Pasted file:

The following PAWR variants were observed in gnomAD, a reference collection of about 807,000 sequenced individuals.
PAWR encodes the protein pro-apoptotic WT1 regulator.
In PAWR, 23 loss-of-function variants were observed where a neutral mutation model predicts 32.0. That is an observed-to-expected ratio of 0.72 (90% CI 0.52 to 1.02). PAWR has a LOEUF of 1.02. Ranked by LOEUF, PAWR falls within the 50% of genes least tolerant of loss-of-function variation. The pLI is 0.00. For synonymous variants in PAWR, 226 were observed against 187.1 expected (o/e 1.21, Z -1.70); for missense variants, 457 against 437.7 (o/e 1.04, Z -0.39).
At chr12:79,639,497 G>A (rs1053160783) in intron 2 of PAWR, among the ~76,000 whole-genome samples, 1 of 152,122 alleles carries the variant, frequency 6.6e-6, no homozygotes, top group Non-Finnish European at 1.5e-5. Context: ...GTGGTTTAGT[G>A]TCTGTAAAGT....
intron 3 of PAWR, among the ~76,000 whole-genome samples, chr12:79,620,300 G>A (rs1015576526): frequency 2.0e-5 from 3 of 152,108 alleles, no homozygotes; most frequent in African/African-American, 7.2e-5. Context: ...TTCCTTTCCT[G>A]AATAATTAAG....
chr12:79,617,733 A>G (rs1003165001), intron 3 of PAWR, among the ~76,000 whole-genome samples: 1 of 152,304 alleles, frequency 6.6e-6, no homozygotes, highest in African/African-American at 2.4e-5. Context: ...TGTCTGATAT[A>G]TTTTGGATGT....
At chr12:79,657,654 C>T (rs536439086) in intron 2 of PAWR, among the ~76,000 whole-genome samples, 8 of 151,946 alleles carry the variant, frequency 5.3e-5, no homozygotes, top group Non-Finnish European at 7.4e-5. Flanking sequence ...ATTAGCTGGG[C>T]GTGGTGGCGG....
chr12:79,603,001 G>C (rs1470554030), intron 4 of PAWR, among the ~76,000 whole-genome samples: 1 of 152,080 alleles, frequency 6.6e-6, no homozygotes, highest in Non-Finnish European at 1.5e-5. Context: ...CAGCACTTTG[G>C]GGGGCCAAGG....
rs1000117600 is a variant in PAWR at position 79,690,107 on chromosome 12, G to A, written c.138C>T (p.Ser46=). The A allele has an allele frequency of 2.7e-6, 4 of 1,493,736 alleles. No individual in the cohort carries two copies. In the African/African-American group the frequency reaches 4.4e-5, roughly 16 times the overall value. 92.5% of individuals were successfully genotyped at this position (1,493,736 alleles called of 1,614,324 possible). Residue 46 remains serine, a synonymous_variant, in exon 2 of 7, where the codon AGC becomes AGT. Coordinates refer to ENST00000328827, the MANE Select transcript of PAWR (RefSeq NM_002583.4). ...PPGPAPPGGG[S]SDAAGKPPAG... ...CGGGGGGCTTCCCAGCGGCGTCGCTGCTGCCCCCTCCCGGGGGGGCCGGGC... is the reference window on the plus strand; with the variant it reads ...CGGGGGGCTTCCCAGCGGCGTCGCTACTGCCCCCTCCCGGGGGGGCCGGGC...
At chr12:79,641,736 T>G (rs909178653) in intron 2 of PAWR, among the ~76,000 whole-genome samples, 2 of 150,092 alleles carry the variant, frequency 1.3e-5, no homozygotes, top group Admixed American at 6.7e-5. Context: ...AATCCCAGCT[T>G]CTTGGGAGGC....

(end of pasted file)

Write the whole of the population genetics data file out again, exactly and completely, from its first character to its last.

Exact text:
The following PAWR variants were observed in gnomAD, a reference collection of about 807,000 sequenced individuals.
PAWR encodes the protein pro-apoptotic WT1 regulator.
In PAWR, 23 loss-of-function variants were observed where a neutral mutation model predicts 32.0. That is an observed-to-expected ratio of 0.72 (90% CI 0.52 to 1.02). PAWR has a LOEUF of 1.02. Ranked by LOEUF, PAWR falls within the 50% of genes least tolerant of loss-of-function variation. The pLI is 0.00. For synonymous variants in PAWR, 226 were observed against 187.1 expected (o/e 1.21, Z -1.70); for missense variants, 457 against 437.7 (o/e 1.04, Z -0.39).
At chr12:79,639,497 G>A (rs1053160783) in intron 2 of PAWR, among the ~76,000 whole-genome samples, 1 of 152,122 alleles carries the variant, frequency 6.6e-6, no homozygotes, top group Non-Finnish European at 1.5e-5. Context: ...GTGGTTTAGT[G>A]TCTGTAAAGT....
intron 3 of PAWR, among the ~76,000 whole-genome samples, chr12:79,620,300 G>A (rs1015576526): frequency 2.0e-5 from 3 of 152,108 alleles, no homozygotes; most frequent in African/African-American, 7.2e-5. Context: ...TTCCTTTCCT[G>A]AATAATTAAG....
chr12:79,617,733 A>G (rs1003165001), intron 3 of PAWR, among the ~76,000 whole-genome samples: 1 of 152,304 alleles, frequency 6.6e-6, no homozygotes, highest in African/African-American at 2.4e-5. Context: ...TGTCTGATAT[A>G]TTTTGGATGT....
At chr12:79,657,654 C>T (rs536439086) in intron 2 of PAWR, among the ~76,000 whole-genome samples, 8 of 151,946 alleles carry the variant, frequency 5.3e-5, no homozygotes, top group Non-Finnish European at 7.4e-5. Flanking sequence ...ATTAGCTGGG[C>T]GTGGTGGCGG....
chr12:79,603,001 G>C (rs1470554030), intron 4 of PAWR, among the ~76,000 whole-genome samples: 1 of 152,080 alleles, frequency 6.6e-6, no homozygotes, highest in Non-Finnish European at 1.5e-5. Context: ...CAGCACTTTG[G>C]GGGGCCAAGG....
rs1000117600 is a variant in PAWR at position 79,690,107 on chromosome 12, G to A, written c.138C>T (p.Ser46=). The A allele has an allele frequency of 2.7e-6, 4 of 1,493,736 alleles. No individual in the cohort carries two copies. In the African/African-American group the frequency reaches 4.4e-5, roughly 16 times the overall value. 92.5% of individuals were successfully genotyped at this position (1,493,736 alleles called of 1,614,324 possible). Residue 46 remains serine, a synonymous_variant, in exon 2 of 7, where the codon AGC becomes AGT. Coordinates refer to ENST00000328827, the MANE Select transcript of PAWR (RefSeq NM_002583.4). ...PPGPAPPGGG[S]SDAAGKPPAG... ...CGGGGGGCTTCCCAGCGGCGTCGCTGCTGCCCCCTCCCGGGGGGGCCGGGC... is the reference window on the plus strand; with the variant it reads ...CGGGGGGCTTCCCAGCGGCGTCGCTACTGCCCCCTCCCGGGGGGGCCGGGC...
At chr12:79,641,736 T>G (rs909178653) in intron 2 of PAWR, among the ~76,000 whole-genome samples, 2 of 150,092 alleles carry the variant, frequency 1.3e-5, no homozygotes, top group Admixed American at 6.7e-5. Context: ...AATCCCAGCT[T>G]CTTGGGAGGC....